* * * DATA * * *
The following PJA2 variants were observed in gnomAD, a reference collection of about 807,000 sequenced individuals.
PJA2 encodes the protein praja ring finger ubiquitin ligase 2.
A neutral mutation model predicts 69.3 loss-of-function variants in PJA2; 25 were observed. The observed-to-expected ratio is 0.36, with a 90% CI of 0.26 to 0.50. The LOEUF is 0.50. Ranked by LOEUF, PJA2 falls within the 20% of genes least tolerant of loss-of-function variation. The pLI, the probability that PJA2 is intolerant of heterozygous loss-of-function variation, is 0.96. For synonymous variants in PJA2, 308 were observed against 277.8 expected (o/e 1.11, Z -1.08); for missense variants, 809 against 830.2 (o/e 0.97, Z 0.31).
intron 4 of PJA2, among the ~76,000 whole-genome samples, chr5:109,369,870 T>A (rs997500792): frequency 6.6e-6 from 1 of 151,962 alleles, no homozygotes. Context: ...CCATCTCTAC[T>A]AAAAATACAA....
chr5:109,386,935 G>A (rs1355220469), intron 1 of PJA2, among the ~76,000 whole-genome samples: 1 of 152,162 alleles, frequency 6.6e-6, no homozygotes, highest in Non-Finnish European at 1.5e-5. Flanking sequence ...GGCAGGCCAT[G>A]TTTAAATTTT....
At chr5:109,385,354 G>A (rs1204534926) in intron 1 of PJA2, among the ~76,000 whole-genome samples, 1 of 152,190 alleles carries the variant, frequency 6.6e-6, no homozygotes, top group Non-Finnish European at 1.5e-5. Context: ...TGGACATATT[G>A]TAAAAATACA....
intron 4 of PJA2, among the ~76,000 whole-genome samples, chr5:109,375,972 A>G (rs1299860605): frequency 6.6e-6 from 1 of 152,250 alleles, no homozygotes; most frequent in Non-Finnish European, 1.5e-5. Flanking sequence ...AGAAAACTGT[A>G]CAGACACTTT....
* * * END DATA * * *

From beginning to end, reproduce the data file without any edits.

The following PJA2 variants were observed in gnomAD, a reference collection of about 807,000 sequenced individuals.
PJA2 encodes the protein praja ring finger ubiquitin ligase 2.
A neutral mutation model predicts 69.3 loss-of-function variants in PJA2; 25 were observed. The observed-to-expected ratio is 0.36, with a 90% CI of 0.26 to 0.50. The LOEUF is 0.50. Ranked by LOEUF, PJA2 falls within the 20% of genes least tolerant of loss-of-function variation. The pLI, the probability that PJA2 is intolerant of heterozygous loss-of-function variation, is 0.96. For synonymous variants in PJA2, 308 were observed against 277.8 expected (o/e 1.11, Z -1.08); for missense variants, 809 against 830.2 (o/e 0.97, Z 0.31).
intron 4 of PJA2, among the ~76,000 whole-genome samples, chr5:109,369,870 T>A (rs997500792): frequency 6.6e-6 from 1 of 151,962 alleles, no homozygotes. Context: ...CCATCTCTAC[T>A]AAAAATACAA....
chr5:109,386,935 G>A (rs1355220469), intron 1 of PJA2, among the ~76,000 whole-genome samples: 1 of 152,162 alleles, frequency 6.6e-6, no homozygotes, highest in Non-Finnish European at 1.5e-5. Flanking sequence ...GGCAGGCCAT[G>A]TTTAAATTTT....
At chr5:109,385,354 G>A (rs1204534926) in intron 1 of PJA2, among the ~76,000 whole-genome samples, 1 of 152,190 alleles carries the variant, frequency 6.6e-6, no homozygotes, top group Non-Finnish European at 1.5e-5. Context: ...TGGACATATT[G>A]TAAAAATACA....
intron 4 of PJA2, among the ~76,000 whole-genome samples, chr5:109,375,972 A>G (rs1299860605): frequency 6.6e-6 from 1 of 152,250 alleles, no homozygotes; most frequent in Non-Finnish European, 1.5e-5. Flanking sequence ...AGAAAACTGT[A>G]CAGACACTTT....